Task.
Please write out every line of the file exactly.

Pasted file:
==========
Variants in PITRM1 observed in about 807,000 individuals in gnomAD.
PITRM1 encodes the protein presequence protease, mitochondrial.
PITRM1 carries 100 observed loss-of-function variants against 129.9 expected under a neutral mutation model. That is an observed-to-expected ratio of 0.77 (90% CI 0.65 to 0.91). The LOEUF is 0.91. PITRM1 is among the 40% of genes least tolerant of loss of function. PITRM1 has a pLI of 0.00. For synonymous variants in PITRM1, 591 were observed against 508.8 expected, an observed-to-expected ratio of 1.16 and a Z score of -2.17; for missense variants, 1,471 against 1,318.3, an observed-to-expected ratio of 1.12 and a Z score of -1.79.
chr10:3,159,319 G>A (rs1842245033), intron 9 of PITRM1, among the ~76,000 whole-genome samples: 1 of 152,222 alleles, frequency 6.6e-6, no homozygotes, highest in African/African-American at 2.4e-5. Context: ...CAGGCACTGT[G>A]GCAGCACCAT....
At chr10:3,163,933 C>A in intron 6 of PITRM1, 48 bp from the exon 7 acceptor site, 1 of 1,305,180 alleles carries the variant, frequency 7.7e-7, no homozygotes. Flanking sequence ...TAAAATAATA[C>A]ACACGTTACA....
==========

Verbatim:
Variants in PITRM1 observed in about 807,000 individuals in gnomAD.
PITRM1 encodes the protein presequence protease, mitochondrial.
PITRM1 carries 100 observed loss-of-function variants against 129.9 expected under a neutral mutation model. That is an observed-to-expected ratio of 0.77 (90% CI 0.65 to 0.91). The LOEUF is 0.91. PITRM1 is among the 40% of genes least tolerant of loss of function. PITRM1 has a pLI of 0.00. For synonymous variants in PITRM1, 591 were observed against 508.8 expected, an observed-to-expected ratio of 1.16 and a Z score of -2.17; for missense variants, 1,471 against 1,318.3, an observed-to-expected ratio of 1.12 and a Z score of -1.79.
chr10:3,159,319 G>A (rs1842245033), intron 9 of PITRM1, among the ~76,000 whole-genome samples: 1 of 152,222 alleles, frequency 6.6e-6, no homozygotes, highest in African/African-American at 2.4e-5. Context: ...CAGGCACTGT[G>A]GCAGCACCAT....
At chr10:3,163,933 C>A in intron 6 of PITRM1, 48 bp from the exon 7 acceptor site, 1 of 1,305,180 alleles carries the variant, frequency 7.7e-7, no homozygotes. Flanking sequence ...TAAAATAATA[C>A]ACACGTTACA....